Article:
Monday, 30th October 2017

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Lens on delay in road repair tech change

Earlier in September last year, the National Green Tribunal ordered shutdown of the two polluting plants that use hot-mix technology

By Subhajoy Roy in Calcutta
  • Published 21.04.19, 2:06 AM
  • Updated 21.04.19, 2:06 AM
  • 2 mins read
National Green Tribunal Principal Bench office in New Delhi. Prem Singh

The National Green Tribunal had given the civic body four months, but the municipal corporation has failed to convert to a better technology than the polluting one it uses to manufacture bitumen mixture needed to make roads.

The tribunal had on December 18, 2018, set the deadline for the Calcutta Municipal Corporation (CMC) to “adopt new technologies for abatement of pollution in place of hot mix plants” at Goragacha near Taratala and Palmer Bazar near Sealdah.

Earlier in September last year, the tribunal ordered shutdown of the two polluting plants that use hot-mix technology. The tribunal had lifted the ban temporarily in December when the CMC said it was not being able to repair damaged roads.

Some experts had then suggested that cold-mix technology was less polluting and the civic body could install it. Hot-mix and cold-mix are two ways of preparing the bituminous mixture that is used to lay asphalt roads.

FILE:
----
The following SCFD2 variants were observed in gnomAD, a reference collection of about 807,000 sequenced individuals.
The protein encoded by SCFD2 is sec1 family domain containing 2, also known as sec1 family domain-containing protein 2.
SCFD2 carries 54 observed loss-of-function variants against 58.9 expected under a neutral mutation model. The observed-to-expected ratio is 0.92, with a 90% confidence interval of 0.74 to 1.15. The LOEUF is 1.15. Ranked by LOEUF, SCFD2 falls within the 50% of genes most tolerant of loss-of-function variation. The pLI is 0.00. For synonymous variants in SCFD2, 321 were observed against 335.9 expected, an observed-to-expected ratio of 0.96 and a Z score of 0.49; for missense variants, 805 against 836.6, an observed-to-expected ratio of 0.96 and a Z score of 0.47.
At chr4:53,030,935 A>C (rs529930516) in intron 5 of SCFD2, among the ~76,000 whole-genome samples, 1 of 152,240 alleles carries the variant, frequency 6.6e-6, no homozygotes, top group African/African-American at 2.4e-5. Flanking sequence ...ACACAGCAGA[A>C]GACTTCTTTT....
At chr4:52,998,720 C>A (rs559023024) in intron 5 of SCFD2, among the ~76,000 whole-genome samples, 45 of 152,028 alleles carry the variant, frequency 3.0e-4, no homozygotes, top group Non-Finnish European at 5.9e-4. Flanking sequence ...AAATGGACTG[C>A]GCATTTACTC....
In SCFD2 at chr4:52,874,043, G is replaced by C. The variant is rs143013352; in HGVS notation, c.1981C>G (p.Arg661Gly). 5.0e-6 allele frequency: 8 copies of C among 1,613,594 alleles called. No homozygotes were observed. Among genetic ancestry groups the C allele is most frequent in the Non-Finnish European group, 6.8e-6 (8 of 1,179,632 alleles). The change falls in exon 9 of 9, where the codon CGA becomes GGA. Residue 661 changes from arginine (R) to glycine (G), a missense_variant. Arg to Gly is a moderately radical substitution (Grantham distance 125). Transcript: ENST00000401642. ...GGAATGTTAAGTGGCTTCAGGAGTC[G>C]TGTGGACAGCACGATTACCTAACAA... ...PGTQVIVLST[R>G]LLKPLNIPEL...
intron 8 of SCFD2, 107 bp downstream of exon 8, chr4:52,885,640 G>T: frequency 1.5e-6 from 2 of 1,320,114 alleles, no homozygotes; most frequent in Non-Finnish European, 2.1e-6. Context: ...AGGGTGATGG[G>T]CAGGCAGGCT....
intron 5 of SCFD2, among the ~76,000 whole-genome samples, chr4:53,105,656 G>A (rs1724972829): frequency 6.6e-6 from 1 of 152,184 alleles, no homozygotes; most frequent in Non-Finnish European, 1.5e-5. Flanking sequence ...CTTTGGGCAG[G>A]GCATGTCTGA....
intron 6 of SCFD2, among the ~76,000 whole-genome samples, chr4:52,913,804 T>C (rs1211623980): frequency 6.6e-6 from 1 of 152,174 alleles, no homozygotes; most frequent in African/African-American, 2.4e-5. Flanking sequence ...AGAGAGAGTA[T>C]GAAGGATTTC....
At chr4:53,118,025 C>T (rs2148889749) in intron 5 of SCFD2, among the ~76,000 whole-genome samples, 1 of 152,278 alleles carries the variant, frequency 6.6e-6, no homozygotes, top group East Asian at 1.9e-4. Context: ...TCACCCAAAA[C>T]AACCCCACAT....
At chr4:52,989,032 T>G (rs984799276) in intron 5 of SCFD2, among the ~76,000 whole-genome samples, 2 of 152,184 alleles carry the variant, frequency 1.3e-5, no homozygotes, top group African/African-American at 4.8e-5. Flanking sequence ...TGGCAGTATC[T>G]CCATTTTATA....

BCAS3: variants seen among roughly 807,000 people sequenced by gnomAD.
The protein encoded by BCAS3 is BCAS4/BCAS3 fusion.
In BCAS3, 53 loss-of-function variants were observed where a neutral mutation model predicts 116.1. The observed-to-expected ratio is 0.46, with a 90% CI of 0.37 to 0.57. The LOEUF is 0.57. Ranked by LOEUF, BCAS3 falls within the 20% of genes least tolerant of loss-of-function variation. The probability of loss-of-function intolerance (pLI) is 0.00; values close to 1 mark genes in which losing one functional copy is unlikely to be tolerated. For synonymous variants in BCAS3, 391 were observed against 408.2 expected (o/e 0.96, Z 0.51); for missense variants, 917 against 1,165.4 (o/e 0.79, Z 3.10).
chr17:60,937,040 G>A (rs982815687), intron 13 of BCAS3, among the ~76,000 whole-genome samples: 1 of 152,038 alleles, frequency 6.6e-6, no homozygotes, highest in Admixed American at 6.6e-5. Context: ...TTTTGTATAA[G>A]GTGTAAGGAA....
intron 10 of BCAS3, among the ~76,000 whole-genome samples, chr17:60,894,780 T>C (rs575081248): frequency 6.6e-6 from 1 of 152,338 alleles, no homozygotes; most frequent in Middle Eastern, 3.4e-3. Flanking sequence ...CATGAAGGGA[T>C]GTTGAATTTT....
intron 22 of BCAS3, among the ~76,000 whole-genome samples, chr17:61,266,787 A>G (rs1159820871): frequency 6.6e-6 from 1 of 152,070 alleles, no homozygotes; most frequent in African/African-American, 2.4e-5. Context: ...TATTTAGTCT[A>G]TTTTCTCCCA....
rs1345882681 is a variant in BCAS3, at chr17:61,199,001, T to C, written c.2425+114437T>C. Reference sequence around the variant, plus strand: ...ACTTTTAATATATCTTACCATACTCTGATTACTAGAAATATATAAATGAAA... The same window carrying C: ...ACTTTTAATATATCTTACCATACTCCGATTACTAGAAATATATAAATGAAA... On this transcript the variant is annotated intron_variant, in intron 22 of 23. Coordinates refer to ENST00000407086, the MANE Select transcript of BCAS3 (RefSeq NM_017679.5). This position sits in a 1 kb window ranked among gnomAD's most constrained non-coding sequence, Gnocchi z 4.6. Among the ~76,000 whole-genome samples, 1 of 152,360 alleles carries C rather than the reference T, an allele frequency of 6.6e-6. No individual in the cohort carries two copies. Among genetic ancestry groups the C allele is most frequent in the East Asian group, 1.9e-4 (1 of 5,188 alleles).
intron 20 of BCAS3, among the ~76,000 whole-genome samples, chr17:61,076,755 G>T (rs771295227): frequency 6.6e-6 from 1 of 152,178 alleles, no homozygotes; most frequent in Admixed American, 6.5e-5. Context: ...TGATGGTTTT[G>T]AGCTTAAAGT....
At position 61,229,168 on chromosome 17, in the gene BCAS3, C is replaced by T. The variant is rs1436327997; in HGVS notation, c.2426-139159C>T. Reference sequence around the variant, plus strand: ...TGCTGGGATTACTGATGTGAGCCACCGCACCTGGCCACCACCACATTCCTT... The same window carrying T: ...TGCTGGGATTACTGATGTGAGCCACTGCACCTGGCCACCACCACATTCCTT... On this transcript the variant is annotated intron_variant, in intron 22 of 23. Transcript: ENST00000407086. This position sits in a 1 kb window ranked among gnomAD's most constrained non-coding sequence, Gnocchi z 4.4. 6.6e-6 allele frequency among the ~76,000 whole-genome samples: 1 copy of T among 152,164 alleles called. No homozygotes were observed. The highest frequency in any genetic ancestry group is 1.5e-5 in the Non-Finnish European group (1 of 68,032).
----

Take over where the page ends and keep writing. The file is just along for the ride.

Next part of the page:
In the hot-mix technology, bitumen remains in solid state and has to be heated to turn it into a liquid state so that it can be used to lay roads.

Carbon dioxide, the primary cause of global warming, fine particulate matters that can enter the deepest crevices of lungs and even cause cancer, and other toxic fumes are released when bitumen is heated.

In cold-mix technology, the bitumen remains in liquid state even in ambient temperature and doesn’t need any heating. That means no toxic fumes are released.

The CMC also plans to use the hot-mix technology in a new plant that it would set up outside the city limits at Sirakol in South 24-Parganas. “We will use batch-mix technology, which is also a type of hot-mix technology but much more improved and less polluting,” a CMC official said.

The tribunal will hear the matter again on Tuesday and sources in the CMC said that they would seek extension for using the two hot-mix plants.

“We sought opinion of Delhi-based Central Road Research Institute (CRRI) and IIT Kharagpur. Both said that hot-mix was the preferred technology for a city like Calcutta where the bed of the road is not so tough, where rain is very high and where the soil has a lot of moisture,” said a senior CMC official.

Four or six months is not adequate time to shift to cold mix technology, the official quoted the CRRI experts as saying in their report.

Environment activist Subhas Datta, who had petitioned the tribunal about the pollution caused to manufacture the road repairing material, blamed the CMC for not shifting to a new technology.

“The tribunal had first asked the CMC to shift to new technology in November 2017. The tribunal had then said that it was costly and needed time. So it asked the civic body to start the process of shift,” said Datta.

But the CMC sat quietly and didn’t take any steps. “It was in September 2018 that the tribunal ordered a shutdown of the two plants. The ban was lifted for four months in December when the CMC pleaded that it was not being able to repair roads. The tribunal gave it time to shift to a better technology but again it has failed.”